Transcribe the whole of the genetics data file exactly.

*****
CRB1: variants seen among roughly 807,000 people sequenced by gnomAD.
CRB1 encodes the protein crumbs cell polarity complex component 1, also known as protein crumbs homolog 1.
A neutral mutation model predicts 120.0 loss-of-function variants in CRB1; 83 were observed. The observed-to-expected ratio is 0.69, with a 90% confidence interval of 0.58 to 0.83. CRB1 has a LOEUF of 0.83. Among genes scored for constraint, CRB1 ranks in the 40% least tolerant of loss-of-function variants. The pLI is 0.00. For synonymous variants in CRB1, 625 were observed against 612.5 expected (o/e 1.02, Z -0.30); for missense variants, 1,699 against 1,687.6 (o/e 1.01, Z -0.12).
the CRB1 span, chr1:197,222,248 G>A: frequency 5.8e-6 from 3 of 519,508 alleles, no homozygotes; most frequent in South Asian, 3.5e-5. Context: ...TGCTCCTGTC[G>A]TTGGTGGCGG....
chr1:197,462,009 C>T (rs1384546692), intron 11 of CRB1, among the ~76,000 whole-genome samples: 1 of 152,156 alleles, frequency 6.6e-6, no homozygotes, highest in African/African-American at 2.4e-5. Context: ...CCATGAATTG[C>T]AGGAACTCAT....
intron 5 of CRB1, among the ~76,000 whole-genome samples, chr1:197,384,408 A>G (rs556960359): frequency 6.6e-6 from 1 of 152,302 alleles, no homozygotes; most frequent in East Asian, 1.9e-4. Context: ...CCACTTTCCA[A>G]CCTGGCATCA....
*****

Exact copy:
CRB1: variants seen among roughly 807,000 people sequenced by gnomAD.
CRB1 encodes the protein crumbs cell polarity complex component 1, also known as protein crumbs homolog 1.
A neutral mutation model predicts 120.0 loss-of-function variants in CRB1; 83 were observed. The observed-to-expected ratio is 0.69, with a 90% confidence interval of 0.58 to 0.83. CRB1 has a LOEUF of 0.83. Among genes scored for constraint, CRB1 ranks in the 40% least tolerant of loss-of-function variants. The pLI is 0.00. For synonymous variants in CRB1, 625 were observed against 612.5 expected (o/e 1.02, Z -0.30); for missense variants, 1,699 against 1,687.6 (o/e 1.01, Z -0.12).
the CRB1 span, chr1:197,222,248 G>A: frequency 5.8e-6 from 3 of 519,508 alleles, no homozygotes; most frequent in South Asian, 3.5e-5. Context: ...TGCTCCTGTC[G>A]TTGGTGGCGG....
chr1:197,462,009 C>T (rs1384546692), intron 11 of CRB1, among the ~76,000 whole-genome samples: 1 of 152,156 alleles, frequency 6.6e-6, no homozygotes, highest in African/African-American at 2.4e-5. Context: ...CCATGAATTG[C>T]AGGAACTCAT....
intron 5 of CRB1, among the ~76,000 whole-genome samples, chr1:197,384,408 A>G (rs556960359): frequency 6.6e-6 from 1 of 152,302 alleles, no homozygotes; most frequent in East Asian, 1.9e-4. Context: ...CCACTTTCCA[A>G]CCTGGCATCA....